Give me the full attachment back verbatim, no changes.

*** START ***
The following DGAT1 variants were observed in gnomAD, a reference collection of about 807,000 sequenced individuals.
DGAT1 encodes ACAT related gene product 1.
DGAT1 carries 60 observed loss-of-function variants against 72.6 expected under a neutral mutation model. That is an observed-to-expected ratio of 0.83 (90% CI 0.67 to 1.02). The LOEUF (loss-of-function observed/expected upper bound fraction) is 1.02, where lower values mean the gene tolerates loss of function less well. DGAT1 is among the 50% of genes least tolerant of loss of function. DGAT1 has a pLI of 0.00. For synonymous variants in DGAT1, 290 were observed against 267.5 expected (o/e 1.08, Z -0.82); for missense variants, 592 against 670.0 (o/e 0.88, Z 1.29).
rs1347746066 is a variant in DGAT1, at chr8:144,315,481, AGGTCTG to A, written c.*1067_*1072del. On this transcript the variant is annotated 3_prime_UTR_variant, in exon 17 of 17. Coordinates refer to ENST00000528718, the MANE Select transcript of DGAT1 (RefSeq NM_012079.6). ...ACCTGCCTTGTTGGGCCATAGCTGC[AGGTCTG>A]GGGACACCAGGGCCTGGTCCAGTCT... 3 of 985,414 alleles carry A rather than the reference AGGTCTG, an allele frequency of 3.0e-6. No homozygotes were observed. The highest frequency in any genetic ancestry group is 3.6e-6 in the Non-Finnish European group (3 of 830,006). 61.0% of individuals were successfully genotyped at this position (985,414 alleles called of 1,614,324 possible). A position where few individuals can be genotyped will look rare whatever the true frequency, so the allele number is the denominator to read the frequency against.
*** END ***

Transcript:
The following DGAT1 variants were observed in gnomAD, a reference collection of about 807,000 sequenced individuals.
DGAT1 encodes ACAT related gene product 1.
DGAT1 carries 60 observed loss-of-function variants against 72.6 expected under a neutral mutation model. That is an observed-to-expected ratio of 0.83 (90% CI 0.67 to 1.02). The LOEUF (loss-of-function observed/expected upper bound fraction) is 1.02, where lower values mean the gene tolerates loss of function less well. DGAT1 is among the 50% of genes least tolerant of loss of function. DGAT1 has a pLI of 0.00. For synonymous variants in DGAT1, 290 were observed against 267.5 expected (o/e 1.08, Z -0.82); for missense variants, 592 against 670.0 (o/e 0.88, Z 1.29).
rs1347746066 is a variant in DGAT1, at chr8:144,315,481, AGGTCTG to A, written c.*1067_*1072del. On this transcript the variant is annotated 3_prime_UTR_variant, in exon 17 of 17. Coordinates refer to ENST00000528718, the MANE Select transcript of DGAT1 (RefSeq NM_012079.6). ...ACCTGCCTTGTTGGGCCATAGCTGC[AGGTCTG>A]GGGACACCAGGGCCTGGTCCAGTCT... 3 of 985,414 alleles carry A rather than the reference AGGTCTG, an allele frequency of 3.0e-6. No homozygotes were observed. The highest frequency in any genetic ancestry group is 3.6e-6 in the Non-Finnish European group (3 of 830,006). 61.0% of individuals were successfully genotyped at this position (985,414 alleles called of 1,614,324 possible). A position where few individuals can be genotyped will look rare whatever the true frequency, so the allele number is the denominator to read the frequency against.